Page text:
November 11, 2019 4.41 pm This story is over 25 months old

End of an era: Closure date set for West Parade police station

Police will move into the new station later this month

It will be the end of an era when desks are cleared and Lincoln Police Station on West Parade is closed later this week.

The affectionately-termed ‘Ryvita Building’, which belongs to the office of the Lincolnshire Police Crime Commissioner, was constructed in January 1973 before Lincolnshire Police moved in in the mid 1970s.

The police station will close to the public on Sunday, November 17 before more services are wound down in the next few weeks. Police are expected to be fully moved out by early December.

The Lincoln Police Station, affectionately known as the Ryvita building. Photo: Lincolnshire Police

The force will move into its new police station, located within the Blue Light hub on South Park, on Monday, November 18.

Fire and ambulance crews moved into the £21 million joint ambulance, fire and police station this summer, which will become the first tri-service operational station in the country.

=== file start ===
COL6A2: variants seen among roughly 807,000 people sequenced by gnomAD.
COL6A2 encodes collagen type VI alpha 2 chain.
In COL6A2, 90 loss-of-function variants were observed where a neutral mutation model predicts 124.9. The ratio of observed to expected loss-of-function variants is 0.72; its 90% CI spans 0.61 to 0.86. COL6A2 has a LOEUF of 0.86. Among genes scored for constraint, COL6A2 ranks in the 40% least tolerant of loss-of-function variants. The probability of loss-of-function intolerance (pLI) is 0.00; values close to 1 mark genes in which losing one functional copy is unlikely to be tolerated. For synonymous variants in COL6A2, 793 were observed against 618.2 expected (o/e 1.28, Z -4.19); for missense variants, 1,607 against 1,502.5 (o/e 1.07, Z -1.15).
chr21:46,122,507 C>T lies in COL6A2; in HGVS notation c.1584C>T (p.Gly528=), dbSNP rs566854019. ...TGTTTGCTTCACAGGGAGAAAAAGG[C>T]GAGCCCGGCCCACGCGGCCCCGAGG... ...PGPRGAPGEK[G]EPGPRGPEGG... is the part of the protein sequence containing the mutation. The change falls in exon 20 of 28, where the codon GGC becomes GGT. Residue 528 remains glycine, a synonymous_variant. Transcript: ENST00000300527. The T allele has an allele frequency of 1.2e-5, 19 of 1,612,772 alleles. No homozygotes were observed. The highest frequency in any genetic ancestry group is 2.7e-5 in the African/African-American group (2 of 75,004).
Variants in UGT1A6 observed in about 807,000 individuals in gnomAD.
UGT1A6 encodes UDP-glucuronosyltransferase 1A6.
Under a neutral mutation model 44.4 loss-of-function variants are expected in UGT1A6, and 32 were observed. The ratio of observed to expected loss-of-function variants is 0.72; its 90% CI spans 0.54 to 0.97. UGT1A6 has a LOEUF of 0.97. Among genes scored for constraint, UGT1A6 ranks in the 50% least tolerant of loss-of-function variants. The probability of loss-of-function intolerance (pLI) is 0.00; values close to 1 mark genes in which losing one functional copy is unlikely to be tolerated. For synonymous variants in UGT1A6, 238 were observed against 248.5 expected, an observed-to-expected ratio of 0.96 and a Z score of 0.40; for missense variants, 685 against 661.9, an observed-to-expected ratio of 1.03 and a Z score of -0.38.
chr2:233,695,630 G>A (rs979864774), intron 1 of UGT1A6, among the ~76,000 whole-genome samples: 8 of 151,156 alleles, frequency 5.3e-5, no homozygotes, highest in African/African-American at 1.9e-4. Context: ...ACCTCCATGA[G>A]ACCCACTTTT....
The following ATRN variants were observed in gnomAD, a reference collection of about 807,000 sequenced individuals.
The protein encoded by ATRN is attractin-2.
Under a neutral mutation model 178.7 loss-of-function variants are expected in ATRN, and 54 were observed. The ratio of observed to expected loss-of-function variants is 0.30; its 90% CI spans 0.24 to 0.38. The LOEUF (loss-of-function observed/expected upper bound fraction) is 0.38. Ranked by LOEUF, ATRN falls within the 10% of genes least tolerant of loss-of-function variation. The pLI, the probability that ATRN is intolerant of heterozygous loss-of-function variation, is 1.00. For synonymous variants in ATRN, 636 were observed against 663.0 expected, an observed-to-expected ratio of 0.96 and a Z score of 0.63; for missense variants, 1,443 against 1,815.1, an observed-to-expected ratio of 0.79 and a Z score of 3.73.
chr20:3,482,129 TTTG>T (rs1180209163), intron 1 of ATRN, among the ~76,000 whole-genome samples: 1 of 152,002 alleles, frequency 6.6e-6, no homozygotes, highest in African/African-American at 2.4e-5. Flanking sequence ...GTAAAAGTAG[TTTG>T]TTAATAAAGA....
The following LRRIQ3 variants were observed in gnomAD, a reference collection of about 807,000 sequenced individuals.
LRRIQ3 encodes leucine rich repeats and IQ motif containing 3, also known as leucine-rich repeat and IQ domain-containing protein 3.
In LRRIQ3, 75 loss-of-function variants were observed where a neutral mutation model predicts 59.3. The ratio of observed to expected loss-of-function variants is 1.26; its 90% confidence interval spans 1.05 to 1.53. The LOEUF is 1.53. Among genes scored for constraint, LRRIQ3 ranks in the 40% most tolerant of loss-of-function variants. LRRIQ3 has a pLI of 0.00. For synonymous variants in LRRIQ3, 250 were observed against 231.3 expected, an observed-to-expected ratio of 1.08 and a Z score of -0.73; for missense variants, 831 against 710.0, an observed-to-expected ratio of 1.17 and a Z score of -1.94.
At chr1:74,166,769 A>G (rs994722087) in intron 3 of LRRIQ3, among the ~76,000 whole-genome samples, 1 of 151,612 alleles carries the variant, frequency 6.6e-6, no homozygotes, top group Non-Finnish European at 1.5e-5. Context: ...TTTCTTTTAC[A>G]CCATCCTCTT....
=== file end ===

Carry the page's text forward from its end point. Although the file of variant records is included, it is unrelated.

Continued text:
Fire and ambulance crews moved into the new joint ambulance, fire and police station in Lincoln. Photo: Steve Smailes for The Lincolnite

Communications Officer John Horton, who has worked for Lincolnshire Police for 14 years and spent three years at West Parade, told The Lincolnite: “It’s been part of Lincolnshire Police for a long time and there will be a lot of memories for people who work there, but we are looking forward to a new era in the new building.

“The new station has a brand new custody suite and moving in with the other emergency services will make it easier to work together. We are excited for the move.”

Lincolnshire PCC Marc Jones previously commissioned a group of local businesses – Investors in Lincoln — to do a feasibility study on the options for the building.

Investors in Lincoln was established in 1991 by the City of Lincoln Council to bring major companies together and stimulate positive developments in the area.

The organisation will produce a report later this year before any decision is made on what will happen next with the building.

It is hoped that the building will still be able to generate money for frontline policing while benefiting the city. However, it’s not clear yet what the building’s role will be.

PCC Marc Jones previously said: “I’m really committed to making sure the future use of the building has a benefit for the community as well as the force if possible.

“It would be easy to simply sell-off the building without a thought for the residents and businesses in the area but I will not allow that to happen. This is an opportunity to have a positive and lasting impact on the city.

“Obviously we have to provide value for money for the taxpayer but at this stage, I am confident the right best way forward is to explore all the available options.”

Spotted an error? Please notify us by selecting that text and pressing Ctrl+Enter.